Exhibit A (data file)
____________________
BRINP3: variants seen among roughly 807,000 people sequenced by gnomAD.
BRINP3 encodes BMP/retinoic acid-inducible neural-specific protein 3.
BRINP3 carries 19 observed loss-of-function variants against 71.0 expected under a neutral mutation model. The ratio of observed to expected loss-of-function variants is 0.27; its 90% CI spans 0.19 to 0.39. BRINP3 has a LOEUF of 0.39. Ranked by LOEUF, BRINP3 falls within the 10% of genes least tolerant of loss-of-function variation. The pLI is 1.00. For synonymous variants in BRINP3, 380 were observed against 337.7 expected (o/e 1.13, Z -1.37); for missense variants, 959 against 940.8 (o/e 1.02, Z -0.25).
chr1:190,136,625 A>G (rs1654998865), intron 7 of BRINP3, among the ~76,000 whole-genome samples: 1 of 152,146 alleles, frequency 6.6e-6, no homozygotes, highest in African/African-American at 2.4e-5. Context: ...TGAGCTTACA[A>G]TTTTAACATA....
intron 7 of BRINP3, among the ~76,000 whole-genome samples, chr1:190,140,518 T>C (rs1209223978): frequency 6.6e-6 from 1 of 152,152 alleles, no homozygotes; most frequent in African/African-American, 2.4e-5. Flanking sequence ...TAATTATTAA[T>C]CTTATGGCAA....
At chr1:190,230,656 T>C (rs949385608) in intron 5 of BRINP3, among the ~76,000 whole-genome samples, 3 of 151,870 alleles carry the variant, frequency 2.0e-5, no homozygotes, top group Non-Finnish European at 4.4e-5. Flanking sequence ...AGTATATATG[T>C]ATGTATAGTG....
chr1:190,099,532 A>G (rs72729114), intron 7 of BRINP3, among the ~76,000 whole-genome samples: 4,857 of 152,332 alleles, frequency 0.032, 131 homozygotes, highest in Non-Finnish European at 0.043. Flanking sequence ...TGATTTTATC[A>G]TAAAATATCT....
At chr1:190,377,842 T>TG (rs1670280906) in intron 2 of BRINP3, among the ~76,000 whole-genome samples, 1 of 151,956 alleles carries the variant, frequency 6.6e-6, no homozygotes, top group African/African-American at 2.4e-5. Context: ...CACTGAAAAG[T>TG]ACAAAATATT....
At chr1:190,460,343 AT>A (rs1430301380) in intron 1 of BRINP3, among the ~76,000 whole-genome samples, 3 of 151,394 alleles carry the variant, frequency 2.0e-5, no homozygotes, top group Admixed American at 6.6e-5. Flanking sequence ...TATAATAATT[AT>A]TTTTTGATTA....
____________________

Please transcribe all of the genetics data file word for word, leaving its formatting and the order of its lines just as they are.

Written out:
BRINP3: variants seen among roughly 807,000 people sequenced by gnomAD.
BRINP3 encodes BMP/retinoic acid-inducible neural-specific protein 3.
BRINP3 carries 19 observed loss-of-function variants against 71.0 expected under a neutral mutation model. The ratio of observed to expected loss-of-function variants is 0.27; its 90% CI spans 0.19 to 0.39. BRINP3 has a LOEUF of 0.39. Ranked by LOEUF, BRINP3 falls within the 10% of genes least tolerant of loss-of-function variation. The pLI is 1.00. For synonymous variants in BRINP3, 380 were observed against 337.7 expected (o/e 1.13, Z -1.37); for missense variants, 959 against 940.8 (o/e 1.02, Z -0.25).
chr1:190,136,625 A>G (rs1654998865), intron 7 of BRINP3, among the ~76,000 whole-genome samples: 1 of 152,146 alleles, frequency 6.6e-6, no homozygotes, highest in African/African-American at 2.4e-5. Context: ...TGAGCTTACA[A>G]TTTTAACATA....
intron 7 of BRINP3, among the ~76,000 whole-genome samples, chr1:190,140,518 T>C (rs1209223978): frequency 6.6e-6 from 1 of 152,152 alleles, no homozygotes; most frequent in African/African-American, 2.4e-5. Flanking sequence ...TAATTATTAA[T>C]CTTATGGCAA....
At chr1:190,230,656 T>C (rs949385608) in intron 5 of BRINP3, among the ~76,000 whole-genome samples, 3 of 151,870 alleles carry the variant, frequency 2.0e-5, no homozygotes, top group Non-Finnish European at 4.4e-5. Flanking sequence ...AGTATATATG[T>C]ATGTATAGTG....
chr1:190,099,532 A>G (rs72729114), intron 7 of BRINP3, among the ~76,000 whole-genome samples: 4,857 of 152,332 alleles, frequency 0.032, 131 homozygotes, highest in Non-Finnish European at 0.043. Flanking sequence ...TGATTTTATC[A>G]TAAAATATCT....
At chr1:190,377,842 T>TG (rs1670280906) in intron 2 of BRINP3, among the ~76,000 whole-genome samples, 1 of 151,956 alleles carries the variant, frequency 6.6e-6, no homozygotes, top group African/African-American at 2.4e-5. Context: ...CACTGAAAAG[T>TG]ACAAAATATT....
At chr1:190,460,343 AT>A (rs1430301380) in intron 1 of BRINP3, among the ~76,000 whole-genome samples, 3 of 151,394 alleles carry the variant, frequency 2.0e-5, no homozygotes, top group Admixed American at 6.6e-5. Flanking sequence ...TATAATAATT[AT>A]TTTTTGATTA....